Episode 6: The Claims Conference
In July 2017, the Hammer will launch its digital archive Loss and Restitution: The Story of the Grunwald Family Collection, exploring the life of Fred Grunwald, a businessman and collector whose donation of prints to UCLA created the foundation of what is now the UCLA Grunwald Center for the Graphic Arts. In this 7-part blog series, project researchers Kirk Nickel and Maia Woolner will share how they recreated Grunwald's story through archival research, from his early collecting days in Germany to the seizure of his collection by the Gestapo to his emigration to the United States and rebuilding his collection.
In 1952 the Claims Conference was organized in New York City by representatives of Jewish organizations from across the world. Their goal was to help advocate for Jewish victims of Nazi persecution by fighting for indemnification. The primary compensation program for individuals was set up in the 1950s by a number of German federal compensation laws known as the Bundesentschädigungsgesetz.
When our research team began searching for documentation housed in German archives, it wasn’t obvious where we should start. Kirk eventually made a great find following the trail of one of Fred’s pre-WWII dealers, Alfred Flechtheim. The route I took was to reach out to the Claims Conference, which is still in operation today. The administration informed me that the central registrar would help me locate where in Germany any specific claims files according to the BEG laws would be housed.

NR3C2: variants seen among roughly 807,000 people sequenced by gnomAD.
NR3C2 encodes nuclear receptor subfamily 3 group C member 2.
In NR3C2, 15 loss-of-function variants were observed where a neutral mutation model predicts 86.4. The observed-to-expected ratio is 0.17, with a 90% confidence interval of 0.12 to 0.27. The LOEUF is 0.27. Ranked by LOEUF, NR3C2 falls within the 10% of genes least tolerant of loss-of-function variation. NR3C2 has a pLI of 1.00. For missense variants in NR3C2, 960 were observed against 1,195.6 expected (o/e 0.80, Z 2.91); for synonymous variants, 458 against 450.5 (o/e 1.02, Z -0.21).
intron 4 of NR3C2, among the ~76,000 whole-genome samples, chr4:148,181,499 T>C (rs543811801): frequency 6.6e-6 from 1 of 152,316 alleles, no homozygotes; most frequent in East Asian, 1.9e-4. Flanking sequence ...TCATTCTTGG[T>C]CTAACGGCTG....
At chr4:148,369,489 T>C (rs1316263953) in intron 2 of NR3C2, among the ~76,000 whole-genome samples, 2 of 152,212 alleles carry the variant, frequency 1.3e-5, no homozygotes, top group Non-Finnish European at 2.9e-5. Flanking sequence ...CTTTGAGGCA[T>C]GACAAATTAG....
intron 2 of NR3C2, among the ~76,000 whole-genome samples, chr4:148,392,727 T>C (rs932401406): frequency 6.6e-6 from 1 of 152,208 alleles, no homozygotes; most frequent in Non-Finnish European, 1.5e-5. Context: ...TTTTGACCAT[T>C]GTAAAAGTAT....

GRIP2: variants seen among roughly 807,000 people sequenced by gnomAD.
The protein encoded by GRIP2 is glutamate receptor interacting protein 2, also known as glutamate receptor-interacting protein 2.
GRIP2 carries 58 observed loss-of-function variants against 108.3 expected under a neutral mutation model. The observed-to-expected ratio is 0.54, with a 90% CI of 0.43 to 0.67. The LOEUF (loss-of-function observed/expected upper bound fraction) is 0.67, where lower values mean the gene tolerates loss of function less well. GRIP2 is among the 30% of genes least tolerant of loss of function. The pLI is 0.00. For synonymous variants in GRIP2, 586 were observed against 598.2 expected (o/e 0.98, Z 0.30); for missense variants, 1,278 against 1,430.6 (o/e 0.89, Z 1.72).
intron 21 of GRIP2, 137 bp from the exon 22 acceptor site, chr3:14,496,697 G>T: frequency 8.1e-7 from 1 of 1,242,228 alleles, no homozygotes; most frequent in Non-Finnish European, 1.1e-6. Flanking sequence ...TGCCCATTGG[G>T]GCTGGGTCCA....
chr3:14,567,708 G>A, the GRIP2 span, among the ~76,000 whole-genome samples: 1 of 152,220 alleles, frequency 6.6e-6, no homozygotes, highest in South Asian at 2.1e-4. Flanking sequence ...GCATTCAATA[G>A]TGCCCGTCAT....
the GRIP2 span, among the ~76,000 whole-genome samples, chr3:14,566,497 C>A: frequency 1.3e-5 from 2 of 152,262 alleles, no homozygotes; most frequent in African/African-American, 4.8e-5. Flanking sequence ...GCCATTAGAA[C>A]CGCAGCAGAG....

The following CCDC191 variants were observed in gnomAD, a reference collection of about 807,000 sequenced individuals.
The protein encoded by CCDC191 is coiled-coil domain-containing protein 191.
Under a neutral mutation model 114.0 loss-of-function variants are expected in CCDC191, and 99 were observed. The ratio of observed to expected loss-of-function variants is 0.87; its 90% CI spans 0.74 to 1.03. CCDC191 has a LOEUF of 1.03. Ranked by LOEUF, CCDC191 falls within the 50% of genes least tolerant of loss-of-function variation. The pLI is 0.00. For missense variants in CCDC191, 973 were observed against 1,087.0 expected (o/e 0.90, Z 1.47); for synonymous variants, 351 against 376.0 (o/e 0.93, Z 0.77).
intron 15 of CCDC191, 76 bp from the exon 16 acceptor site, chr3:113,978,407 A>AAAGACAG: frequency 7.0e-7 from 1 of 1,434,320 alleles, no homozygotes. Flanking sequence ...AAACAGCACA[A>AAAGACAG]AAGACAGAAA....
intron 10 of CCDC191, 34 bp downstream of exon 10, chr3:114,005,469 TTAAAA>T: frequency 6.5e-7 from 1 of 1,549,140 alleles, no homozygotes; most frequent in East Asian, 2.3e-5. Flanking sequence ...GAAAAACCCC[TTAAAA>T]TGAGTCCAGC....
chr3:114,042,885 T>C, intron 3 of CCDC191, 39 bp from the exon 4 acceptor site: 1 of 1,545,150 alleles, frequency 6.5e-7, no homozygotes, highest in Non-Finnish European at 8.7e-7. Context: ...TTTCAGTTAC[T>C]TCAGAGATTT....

Further claims documents pertaining to restitution Fred sought after the war were held in archives in Dusseldorf. When we received these, it became clear that Fred not only filed claims for his confiscated art, but also for the loss of his manufacturing business, his pension and income, and also for medical and relocation expenses incurred when he and his family fled Germany.
It took quite a lot of back and forth with the archive to actually have them send us the files we wanted. But there was a lot of excitement when the package finally arrived in the mail and we’re grateful that making a trip to Germany wasn’t necessary. And one has to admit: there’s something really satisfying about finding the documents you’ve been looking for. While it’s important that historians don’t fetishize the archive, locating lost documents is undoubtedly one of the greatest pleasures of doing historical research.